Once feared extinct, Angolan sable wins new hope for survivalSeptember 22nd, 2009 by Louise Redvers in Biology / Plants & Animals
A male giant sable antelope, or palanca negra gigante, roaming free in July 2009 in the Luando Reserve in Malanje, Angola. Fewer than 100 specimen are believed to be still alive after the animals' numbers were decimated during the 27-year civil war that shattered Angola. The animal's horns have been painted red to facililtate identification from helicopters.
They are Angola's national symbol and the nickname for the country's football team -- yet fewer than 100 are believed still alive.
And while they are plastered on bank notes and company logos, only a handful of people have actually seen the giant sable antelope -- or palanca negra gigante as they are known in Portuguese, the official language -- in the flesh or beheld their majestic metre-and-a-half (more than five-foot) horns.
The animals' numbers were decimated during the 27-year civil war that shattered this country on Africa's southwestern coast, before it ended in 2002. Among the survivors, many giant sables stopped breeding or started cross breeding with roan antelopes, creating a new hybrid species.
But the sable's future now looks brighter after a breakthrough by scientists from Angola's Catholic University, who worked with shepherds to track down the antelope 100 years after the animal was first discovered.
After six years of monitoring stealth cameras and tracking dung samples, the team has finally captured 10 pure-bred giant sables for a breeding programme and tagged dozens of others to monitor their progress.
"It was an outstanding success, it exceeded all our expectations," expedition leader Pedro Vaz Pinto told AFP.
"The timing could not have been better because now is the traditional mating time for giant sable and we hope that by May or June next year, we will have at least seven calves."
"I don?t think the giant sable will ever be non-endangered because it's only found in such small areas, but I hope we can upgrade it from its critically endangered status," he said.
Vaz Pinto travelled in a helicopter alongside renowned South African veterinary expert Peter Morkel, scanning the Cangandala National Park in the northeastern province of Malanje.
Once they had located a herd, they hovered above the ground and fired a sedation dart at a hybrid female, in order to fit her with a collar with a GPS (Global Positioning System) tracker.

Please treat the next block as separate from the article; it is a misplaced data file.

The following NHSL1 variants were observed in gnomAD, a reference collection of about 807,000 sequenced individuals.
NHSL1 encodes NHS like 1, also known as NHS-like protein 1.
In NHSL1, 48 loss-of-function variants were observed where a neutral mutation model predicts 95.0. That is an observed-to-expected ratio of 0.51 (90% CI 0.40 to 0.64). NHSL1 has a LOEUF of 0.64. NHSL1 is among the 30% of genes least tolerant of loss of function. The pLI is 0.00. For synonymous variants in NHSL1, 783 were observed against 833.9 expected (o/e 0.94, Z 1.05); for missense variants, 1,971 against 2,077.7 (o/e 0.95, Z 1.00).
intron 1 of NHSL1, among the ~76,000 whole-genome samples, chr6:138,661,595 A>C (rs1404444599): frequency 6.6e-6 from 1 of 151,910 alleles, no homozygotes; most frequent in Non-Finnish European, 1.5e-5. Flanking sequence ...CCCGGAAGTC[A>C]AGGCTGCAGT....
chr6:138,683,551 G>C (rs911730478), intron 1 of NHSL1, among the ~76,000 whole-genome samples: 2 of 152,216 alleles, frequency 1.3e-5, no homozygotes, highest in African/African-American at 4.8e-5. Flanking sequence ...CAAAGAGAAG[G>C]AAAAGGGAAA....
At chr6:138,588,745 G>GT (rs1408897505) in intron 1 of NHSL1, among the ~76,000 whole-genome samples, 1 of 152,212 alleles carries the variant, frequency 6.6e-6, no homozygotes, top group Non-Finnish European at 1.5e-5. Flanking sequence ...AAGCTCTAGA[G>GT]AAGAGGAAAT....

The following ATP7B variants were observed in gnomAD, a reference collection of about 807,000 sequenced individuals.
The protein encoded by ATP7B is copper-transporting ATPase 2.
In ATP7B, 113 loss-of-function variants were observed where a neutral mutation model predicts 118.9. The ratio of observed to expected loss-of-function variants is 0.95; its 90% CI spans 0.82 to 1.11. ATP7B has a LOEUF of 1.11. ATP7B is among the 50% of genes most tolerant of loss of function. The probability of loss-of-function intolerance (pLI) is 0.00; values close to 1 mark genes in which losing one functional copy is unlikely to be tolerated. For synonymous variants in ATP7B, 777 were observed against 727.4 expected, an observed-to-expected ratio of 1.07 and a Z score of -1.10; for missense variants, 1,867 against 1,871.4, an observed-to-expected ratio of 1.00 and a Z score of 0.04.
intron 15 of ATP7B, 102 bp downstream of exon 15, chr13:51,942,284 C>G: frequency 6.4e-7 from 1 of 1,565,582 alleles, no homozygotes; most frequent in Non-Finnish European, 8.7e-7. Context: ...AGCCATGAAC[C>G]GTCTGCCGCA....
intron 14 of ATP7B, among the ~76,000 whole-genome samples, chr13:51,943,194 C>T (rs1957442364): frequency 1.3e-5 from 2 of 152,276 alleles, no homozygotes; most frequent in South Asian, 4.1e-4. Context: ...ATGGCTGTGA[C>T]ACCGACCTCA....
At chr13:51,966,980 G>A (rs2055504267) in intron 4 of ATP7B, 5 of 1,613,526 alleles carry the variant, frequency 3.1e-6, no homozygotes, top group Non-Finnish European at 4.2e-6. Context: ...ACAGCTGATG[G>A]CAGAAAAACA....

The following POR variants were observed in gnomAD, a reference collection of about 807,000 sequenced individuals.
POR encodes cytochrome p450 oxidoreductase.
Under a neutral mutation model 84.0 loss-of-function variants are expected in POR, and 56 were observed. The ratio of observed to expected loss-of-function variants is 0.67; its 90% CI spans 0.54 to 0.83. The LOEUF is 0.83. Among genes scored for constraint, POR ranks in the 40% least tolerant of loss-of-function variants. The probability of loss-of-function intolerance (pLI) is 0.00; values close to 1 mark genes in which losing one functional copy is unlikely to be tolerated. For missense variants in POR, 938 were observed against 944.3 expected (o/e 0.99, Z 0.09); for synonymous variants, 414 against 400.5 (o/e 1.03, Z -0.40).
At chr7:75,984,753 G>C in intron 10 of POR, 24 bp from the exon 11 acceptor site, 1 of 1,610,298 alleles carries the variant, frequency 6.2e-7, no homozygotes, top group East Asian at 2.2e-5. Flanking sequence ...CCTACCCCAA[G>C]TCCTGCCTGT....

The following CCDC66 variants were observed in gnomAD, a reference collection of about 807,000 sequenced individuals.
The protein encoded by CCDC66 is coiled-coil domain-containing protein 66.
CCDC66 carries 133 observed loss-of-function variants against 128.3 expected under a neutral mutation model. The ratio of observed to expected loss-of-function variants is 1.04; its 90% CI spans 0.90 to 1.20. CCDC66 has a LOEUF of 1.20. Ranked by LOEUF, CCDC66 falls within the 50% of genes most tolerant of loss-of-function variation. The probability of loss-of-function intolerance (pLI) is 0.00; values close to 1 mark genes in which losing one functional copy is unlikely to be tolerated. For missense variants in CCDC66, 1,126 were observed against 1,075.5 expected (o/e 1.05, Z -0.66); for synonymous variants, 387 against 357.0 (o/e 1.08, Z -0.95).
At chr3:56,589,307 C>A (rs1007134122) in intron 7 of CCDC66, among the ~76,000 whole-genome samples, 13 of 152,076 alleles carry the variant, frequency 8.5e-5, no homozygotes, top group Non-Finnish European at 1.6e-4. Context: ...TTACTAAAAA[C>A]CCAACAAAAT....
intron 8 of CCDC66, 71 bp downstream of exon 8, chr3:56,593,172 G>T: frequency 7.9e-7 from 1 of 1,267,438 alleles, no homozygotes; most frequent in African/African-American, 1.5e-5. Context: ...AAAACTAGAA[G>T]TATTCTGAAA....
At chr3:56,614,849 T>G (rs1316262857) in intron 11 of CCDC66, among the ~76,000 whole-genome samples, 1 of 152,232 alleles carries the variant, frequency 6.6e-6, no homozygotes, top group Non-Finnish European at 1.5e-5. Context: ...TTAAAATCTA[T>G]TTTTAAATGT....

"We used this hybrid as a Judas and she did a great job. In no time we were able to find nine pure females whom we tagged and took to a sanctuary," Vaz Pinto said.
The sedated animals were blindfolded and transported hanging by ropes from the helicopter to a special two square kilometre (0.75 square miles) breeding area in the park.
Some of the antelopes, which weigh up to 250 kilogrammes (550 pounds), were also carried in a Russian M18 helicopter lent to the team by the Angolan Air Force.
No males were seen in Cangandala and the females recovered show no evidence of having mated in at least seven years, which confirmed the team's worst fears.
The search then turned to the more remote Luando Reserve, where the only lead was a positive DNA test on a dung sample collected on an earlier trip.
There they found two herds, in total around 40 giant sable, and chose one for the breeding area.
Even after several weeks back in the capital Luanda, Pedro is still ecstatic about his encounters with the giant sables.
"Getting close to that first male was just incredible," he said. "But for me the most emotional part was when we put the male into the area with the females and stood back to watch them interact.
"We only took one because if we put two in there they would kill each other, but this one we chose is at his prime so we hope will be good for breeding."
And he joked: "The females immediately surrounded him and followed him everywhere, I think he will find it hard to have his own space over the next few weeks. It couldn't be more promising."
A leading authority on the giant sable, Richard Estes of Harvard University's Museum of Comparative Zoology who conducted research expeditions on the animal as early as 1968, returned to Angola this year to join Vaz Pinto's expedition.
The now 82-year-old scientist said he got his best view ever of the animals.
"We had such low expectations based on our earlier failures that it was just incredible," he said, speaking to AFP from his US home.
"I did not think we would find a single male, so to find as many as we did was amazing. This is an absolutely seminal step for the project."
Both Vaz Pinto and Estes are thrilled so far with the project, which is conducted in cooperation with Angola's environment ministry and funded by oil companies such as Songangol and ExxonMobile. But both say it will bring new challenges and require more money.
"This has been an amazing success but it also brings new responsibilities," Vaz Pinto said.
The giant sable has a place in the heart of all Angolans," added Estes, "and we're looking at a renaissance of conservation conscience in Angola."
But he added: "The government has a moral and ethical responsibility to preserve its natural ecosystems and tackle the poaching and destruction of its national parks."
(c) 2009 AFP
"Once feared extinct, Angolan sable wins new hope for survival." September 22nd, 2009. http://phys.org/news/2009-09-extinct-angolan-sable-survival.html